SxSW Day 5: You Just Can't Resist Parquet Courts - Or The Food Trucks

18 March 2013 | 9:52 am | at SxSW

Perez Hilton in a tartan suit. Some Sailor Moon impersonators. Parquet Courts killed it. But no christian witches. Yep, we ended SxSW in interesting fashion.

With all the rushing about and queuing for bands, it's very easy to miss the non-gig elements of SXSW. But the Flatstock 38 is not to be missed. Housed in the Convention Centre, and presented by non-profit organisation American Poster Institute, Flatstock features gig posters from around the world. Featured artists also sell their wares from stalls. Despite the wide variety of artists represented (they had designed for everyone from Phish to Aretha Franklin), it would seem you ain't worth nuthin' til you've designed Jack White posters (there seems to be a lot). But props to the guy who does metal redesigns of artist logos, ranging from Celine Dion to Mumford & Sons. Suffice to say that money was spent. Impressive too to see Aus artist Ken Taylor almost sold out by Saturday afternoon - in fact, his stall looked more cleaned out than anyone else's.

Heading across to Rainey Street, there's one more distraction before hitting the live gig trail for one last day. Food trucks. The food truck boom has hit Austin in a big way. Every vacant block downtown has been converted into mobile food courts. The Rainey Street food truck court is too much to resist.

Hyped-up UK shoegazers TOY are guests of today's Dickies gathering at Lustre Pearl. Looking like they met at a Horrors fan convention, the set starts badly (with minimal soundcheck time at SXSW, acts often use their first track to get the mix right, meaning there are a lot of shaky first songs throughout the week). But by set's end, TOY have built a might wall of gaze. And one thing becomes blatantly obvious that wasn't as apparent on TOY recordings, the singer sounds EXACTLY like Steve Kilbey - this is a good thing.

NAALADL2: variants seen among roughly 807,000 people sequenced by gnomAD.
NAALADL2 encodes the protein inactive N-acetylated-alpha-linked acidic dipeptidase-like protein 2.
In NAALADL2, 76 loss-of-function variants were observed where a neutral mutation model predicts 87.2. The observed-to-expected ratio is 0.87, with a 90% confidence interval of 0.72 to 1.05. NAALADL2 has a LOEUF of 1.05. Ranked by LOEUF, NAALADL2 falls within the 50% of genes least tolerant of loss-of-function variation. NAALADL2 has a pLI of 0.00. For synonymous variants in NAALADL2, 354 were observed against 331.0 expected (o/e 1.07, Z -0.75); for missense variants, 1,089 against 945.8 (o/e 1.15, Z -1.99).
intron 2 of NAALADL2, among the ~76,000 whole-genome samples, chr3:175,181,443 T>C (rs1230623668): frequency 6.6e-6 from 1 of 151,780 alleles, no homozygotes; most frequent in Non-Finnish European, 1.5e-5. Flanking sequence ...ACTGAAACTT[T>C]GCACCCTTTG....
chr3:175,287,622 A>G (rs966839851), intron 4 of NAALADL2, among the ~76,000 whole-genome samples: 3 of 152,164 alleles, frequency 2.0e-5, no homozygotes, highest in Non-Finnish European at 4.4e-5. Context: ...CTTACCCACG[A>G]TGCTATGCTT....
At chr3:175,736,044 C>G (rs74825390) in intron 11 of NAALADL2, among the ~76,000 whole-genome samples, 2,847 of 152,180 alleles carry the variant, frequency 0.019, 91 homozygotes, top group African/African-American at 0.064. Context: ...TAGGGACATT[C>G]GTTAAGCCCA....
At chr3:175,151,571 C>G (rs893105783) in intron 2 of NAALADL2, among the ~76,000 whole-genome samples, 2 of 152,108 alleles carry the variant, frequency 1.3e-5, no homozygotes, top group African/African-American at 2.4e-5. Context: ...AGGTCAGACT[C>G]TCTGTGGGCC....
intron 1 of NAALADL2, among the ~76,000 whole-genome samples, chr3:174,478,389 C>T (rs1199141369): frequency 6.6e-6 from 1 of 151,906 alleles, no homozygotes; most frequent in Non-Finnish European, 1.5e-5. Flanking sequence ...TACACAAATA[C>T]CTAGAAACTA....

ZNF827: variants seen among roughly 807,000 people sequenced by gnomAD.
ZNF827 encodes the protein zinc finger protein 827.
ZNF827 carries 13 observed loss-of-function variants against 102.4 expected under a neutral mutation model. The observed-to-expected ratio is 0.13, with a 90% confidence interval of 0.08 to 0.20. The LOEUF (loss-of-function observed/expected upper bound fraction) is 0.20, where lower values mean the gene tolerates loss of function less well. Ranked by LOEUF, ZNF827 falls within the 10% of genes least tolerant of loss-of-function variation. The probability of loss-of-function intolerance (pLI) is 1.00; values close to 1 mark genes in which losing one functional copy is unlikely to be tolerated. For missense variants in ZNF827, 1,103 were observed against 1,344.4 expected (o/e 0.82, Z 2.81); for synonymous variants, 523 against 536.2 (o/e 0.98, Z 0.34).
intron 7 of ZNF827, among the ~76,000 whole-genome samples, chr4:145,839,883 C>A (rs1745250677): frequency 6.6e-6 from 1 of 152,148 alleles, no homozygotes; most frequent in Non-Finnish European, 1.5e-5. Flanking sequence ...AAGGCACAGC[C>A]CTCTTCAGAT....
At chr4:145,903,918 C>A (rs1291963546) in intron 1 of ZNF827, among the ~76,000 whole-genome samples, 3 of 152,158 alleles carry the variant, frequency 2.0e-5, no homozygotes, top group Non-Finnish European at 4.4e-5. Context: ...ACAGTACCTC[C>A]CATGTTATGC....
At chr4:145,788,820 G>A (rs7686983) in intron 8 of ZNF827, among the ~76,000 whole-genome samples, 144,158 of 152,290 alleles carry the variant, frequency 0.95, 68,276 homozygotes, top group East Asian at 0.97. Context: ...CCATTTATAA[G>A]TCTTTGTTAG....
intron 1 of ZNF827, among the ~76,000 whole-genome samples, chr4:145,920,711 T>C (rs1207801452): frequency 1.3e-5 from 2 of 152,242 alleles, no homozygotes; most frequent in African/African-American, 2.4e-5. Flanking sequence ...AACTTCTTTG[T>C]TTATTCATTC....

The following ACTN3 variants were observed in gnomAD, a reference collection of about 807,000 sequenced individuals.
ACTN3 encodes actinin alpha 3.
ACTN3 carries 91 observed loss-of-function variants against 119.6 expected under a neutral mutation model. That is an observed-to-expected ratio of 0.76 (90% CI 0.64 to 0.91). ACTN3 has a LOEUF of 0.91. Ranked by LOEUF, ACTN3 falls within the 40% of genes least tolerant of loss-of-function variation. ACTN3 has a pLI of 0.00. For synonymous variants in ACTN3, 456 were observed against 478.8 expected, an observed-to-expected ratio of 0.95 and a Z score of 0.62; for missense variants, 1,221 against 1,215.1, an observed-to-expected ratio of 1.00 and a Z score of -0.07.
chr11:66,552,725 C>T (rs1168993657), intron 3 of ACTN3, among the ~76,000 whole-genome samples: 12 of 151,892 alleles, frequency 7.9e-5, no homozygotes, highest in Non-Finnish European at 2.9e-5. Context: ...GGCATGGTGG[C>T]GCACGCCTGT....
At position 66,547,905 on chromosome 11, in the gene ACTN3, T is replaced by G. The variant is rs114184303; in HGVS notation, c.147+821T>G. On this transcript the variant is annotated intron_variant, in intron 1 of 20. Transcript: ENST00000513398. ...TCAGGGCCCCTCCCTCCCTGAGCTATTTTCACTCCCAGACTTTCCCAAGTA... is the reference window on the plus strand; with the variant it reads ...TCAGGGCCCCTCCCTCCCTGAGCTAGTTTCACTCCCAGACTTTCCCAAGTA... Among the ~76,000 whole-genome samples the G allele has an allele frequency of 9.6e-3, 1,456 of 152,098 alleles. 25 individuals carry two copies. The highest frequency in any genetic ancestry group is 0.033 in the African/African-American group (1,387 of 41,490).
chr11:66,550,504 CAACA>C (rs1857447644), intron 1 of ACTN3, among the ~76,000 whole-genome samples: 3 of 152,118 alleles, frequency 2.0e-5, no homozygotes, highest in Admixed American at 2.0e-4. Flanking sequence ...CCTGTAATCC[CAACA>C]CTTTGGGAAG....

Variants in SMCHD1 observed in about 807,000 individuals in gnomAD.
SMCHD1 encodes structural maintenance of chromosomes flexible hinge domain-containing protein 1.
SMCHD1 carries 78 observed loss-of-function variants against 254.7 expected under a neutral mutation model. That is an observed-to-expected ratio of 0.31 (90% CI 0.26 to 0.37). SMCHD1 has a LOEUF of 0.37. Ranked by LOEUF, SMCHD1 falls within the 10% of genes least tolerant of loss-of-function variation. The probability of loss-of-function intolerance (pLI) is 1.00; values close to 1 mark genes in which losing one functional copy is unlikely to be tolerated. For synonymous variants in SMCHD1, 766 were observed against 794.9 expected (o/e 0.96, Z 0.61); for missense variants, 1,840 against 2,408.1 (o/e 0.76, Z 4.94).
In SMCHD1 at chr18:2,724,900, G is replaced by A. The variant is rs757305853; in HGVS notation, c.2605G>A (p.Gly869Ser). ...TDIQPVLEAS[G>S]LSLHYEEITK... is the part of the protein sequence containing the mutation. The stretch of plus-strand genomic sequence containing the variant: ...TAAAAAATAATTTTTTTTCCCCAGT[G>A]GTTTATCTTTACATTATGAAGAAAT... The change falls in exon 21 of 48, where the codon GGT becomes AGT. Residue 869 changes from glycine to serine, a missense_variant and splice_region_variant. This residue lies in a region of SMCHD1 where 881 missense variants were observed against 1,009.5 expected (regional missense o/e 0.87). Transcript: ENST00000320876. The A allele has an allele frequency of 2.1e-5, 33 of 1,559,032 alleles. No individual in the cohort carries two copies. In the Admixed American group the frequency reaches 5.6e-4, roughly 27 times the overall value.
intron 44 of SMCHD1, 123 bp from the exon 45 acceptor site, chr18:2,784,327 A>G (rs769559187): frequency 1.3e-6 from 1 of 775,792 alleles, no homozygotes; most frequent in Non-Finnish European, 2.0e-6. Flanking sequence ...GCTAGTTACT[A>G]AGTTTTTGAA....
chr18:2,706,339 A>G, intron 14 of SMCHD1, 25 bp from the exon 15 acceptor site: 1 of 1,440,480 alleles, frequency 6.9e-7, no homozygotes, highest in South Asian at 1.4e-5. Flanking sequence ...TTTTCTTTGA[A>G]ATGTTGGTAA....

And so to the Perez Hilton party at the Austin Music Hall. With Hilton himself bedecked in a hideous tartan suit, and celebrating the arrival of his new child, the crowd is full of tween girls dressed as Sailor Moon. Huh? Maybe it has something to do with the appalling excuse for music onstage, something called Brooke Candy who is screeching her way through the lowest common denominator EDM available. Thankfully it's not a long wait for the reason to be here. Angel Haze. This Virginian rapper is hotter than the Austin sun but this is maybe not the best environment to witness her. Haze raps over her own recorded vocals and some bottom end is missing in the mix. Worse still, Haze's in-between song banter is pure schmaltz. However when she gets down to business, she owns the stage. Her rhymes are fierce and her swag is confident. When she previews a new track, we are treated to just a brief minute of it, Haze cutting it short with: "that's just a snippet, the rest is on iTunes." But she rolls out the hand-clap hit New York, it's easy to believe that she really does "run New York".

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At the Moody Theatre the timetable has been re-jigged and instead of country soul legend Bobby Bare Sr, we get country double-neck guitarist Junior Brown. To watch Brown work his guitar, which rests on a podium, is beyond a treat and his cheeky lyrics seem quaintly old-fashioned until he hits us with Hang Up And Drive.

It's a long hike across the highway and down to the east end of 6th Street to Hotel Vegas for Fletcher C Johnson. But this is well worth the sore feet. The Brooklyn trio's melodic garage translates into a sweaty stage show (it does help that the room is rammed and air-condition-less). When they drop their cover of Spirit In The Sky, the room goes nuts. Let's hope they are aware of the Spirit In The Sky curse (it's believed to be a career ender) - this may be the last we hear of Fletcher C Johnson so make the most of them while you can.